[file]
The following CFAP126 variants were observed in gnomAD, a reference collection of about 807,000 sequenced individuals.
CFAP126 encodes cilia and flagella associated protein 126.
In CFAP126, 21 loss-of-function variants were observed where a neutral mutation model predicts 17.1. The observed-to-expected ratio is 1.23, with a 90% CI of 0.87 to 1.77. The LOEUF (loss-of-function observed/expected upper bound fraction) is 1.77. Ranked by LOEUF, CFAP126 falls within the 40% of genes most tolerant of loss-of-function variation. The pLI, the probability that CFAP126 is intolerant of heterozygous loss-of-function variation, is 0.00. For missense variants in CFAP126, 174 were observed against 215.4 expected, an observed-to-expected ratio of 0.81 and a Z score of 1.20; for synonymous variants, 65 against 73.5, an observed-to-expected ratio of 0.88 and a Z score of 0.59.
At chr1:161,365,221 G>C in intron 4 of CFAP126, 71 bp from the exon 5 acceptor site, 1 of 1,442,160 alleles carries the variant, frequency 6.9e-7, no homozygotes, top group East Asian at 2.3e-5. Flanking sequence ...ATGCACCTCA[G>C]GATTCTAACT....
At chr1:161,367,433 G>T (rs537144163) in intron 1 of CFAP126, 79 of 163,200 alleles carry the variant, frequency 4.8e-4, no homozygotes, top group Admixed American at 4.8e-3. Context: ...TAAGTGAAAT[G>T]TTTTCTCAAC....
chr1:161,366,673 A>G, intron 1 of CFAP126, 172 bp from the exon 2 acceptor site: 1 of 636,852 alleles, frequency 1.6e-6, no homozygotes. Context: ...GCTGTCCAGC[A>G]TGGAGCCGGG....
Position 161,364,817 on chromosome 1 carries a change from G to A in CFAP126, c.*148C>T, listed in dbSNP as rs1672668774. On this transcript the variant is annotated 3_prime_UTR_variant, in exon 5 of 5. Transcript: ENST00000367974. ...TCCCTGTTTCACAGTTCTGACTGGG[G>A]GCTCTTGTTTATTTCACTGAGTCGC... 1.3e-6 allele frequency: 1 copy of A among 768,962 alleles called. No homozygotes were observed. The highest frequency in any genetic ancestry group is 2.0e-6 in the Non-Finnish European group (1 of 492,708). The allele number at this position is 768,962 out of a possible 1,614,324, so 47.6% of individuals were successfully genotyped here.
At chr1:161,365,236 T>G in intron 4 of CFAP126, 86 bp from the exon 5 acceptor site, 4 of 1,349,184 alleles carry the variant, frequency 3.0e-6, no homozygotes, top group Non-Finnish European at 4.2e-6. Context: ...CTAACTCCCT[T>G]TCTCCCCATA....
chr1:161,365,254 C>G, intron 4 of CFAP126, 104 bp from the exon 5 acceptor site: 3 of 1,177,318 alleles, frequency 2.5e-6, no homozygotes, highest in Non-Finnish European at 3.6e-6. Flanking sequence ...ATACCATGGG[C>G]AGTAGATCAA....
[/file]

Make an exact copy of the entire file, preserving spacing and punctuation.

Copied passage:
The following CFAP126 variants were observed in gnomAD, a reference collection of about 807,000 sequenced individuals.
CFAP126 encodes cilia and flagella associated protein 126.
In CFAP126, 21 loss-of-function variants were observed where a neutral mutation model predicts 17.1. The observed-to-expected ratio is 1.23, with a 90% CI of 0.87 to 1.77. The LOEUF (loss-of-function observed/expected upper bound fraction) is 1.77. Ranked by LOEUF, CFAP126 falls within the 40% of genes most tolerant of loss-of-function variation. The pLI, the probability that CFAP126 is intolerant of heterozygous loss-of-function variation, is 0.00. For missense variants in CFAP126, 174 were observed against 215.4 expected, an observed-to-expected ratio of 0.81 and a Z score of 1.20; for synonymous variants, 65 against 73.5, an observed-to-expected ratio of 0.88 and a Z score of 0.59.
At chr1:161,365,221 G>C in intron 4 of CFAP126, 71 bp from the exon 5 acceptor site, 1 of 1,442,160 alleles carries the variant, frequency 6.9e-7, no homozygotes, top group East Asian at 2.3e-5. Flanking sequence ...ATGCACCTCA[G>C]GATTCTAACT....
At chr1:161,367,433 G>T (rs537144163) in intron 1 of CFAP126, 79 of 163,200 alleles carry the variant, frequency 4.8e-4, no homozygotes, top group Admixed American at 4.8e-3. Context: ...TAAGTGAAAT[G>T]TTTTCTCAAC....
chr1:161,366,673 A>G, intron 1 of CFAP126, 172 bp from the exon 2 acceptor site: 1 of 636,852 alleles, frequency 1.6e-6, no homozygotes. Context: ...GCTGTCCAGC[A>G]TGGAGCCGGG....
Position 161,364,817 on chromosome 1 carries a change from G to A in CFAP126, c.*148C>T, listed in dbSNP as rs1672668774. On this transcript the variant is annotated 3_prime_UTR_variant, in exon 5 of 5. Transcript: ENST00000367974. ...TCCCTGTTTCACAGTTCTGACTGGG[G>A]GCTCTTGTTTATTTCACTGAGTCGC... 1.3e-6 allele frequency: 1 copy of A among 768,962 alleles called. No homozygotes were observed. The highest frequency in any genetic ancestry group is 2.0e-6 in the Non-Finnish European group (1 of 492,708). The allele number at this position is 768,962 out of a possible 1,614,324, so 47.6% of individuals were successfully genotyped here.
At chr1:161,365,236 T>G in intron 4 of CFAP126, 86 bp from the exon 5 acceptor site, 4 of 1,349,184 alleles carry the variant, frequency 3.0e-6, no homozygotes, top group Non-Finnish European at 4.2e-6. Context: ...CTAACTCCCT[T>G]TCTCCCCATA....
chr1:161,365,254 C>G, intron 4 of CFAP126, 104 bp from the exon 5 acceptor site: 3 of 1,177,318 alleles, frequency 2.5e-6, no homozygotes, highest in Non-Finnish European at 3.6e-6. Flanking sequence ...ATACCATGGG[C>G]AGTAGATCAA....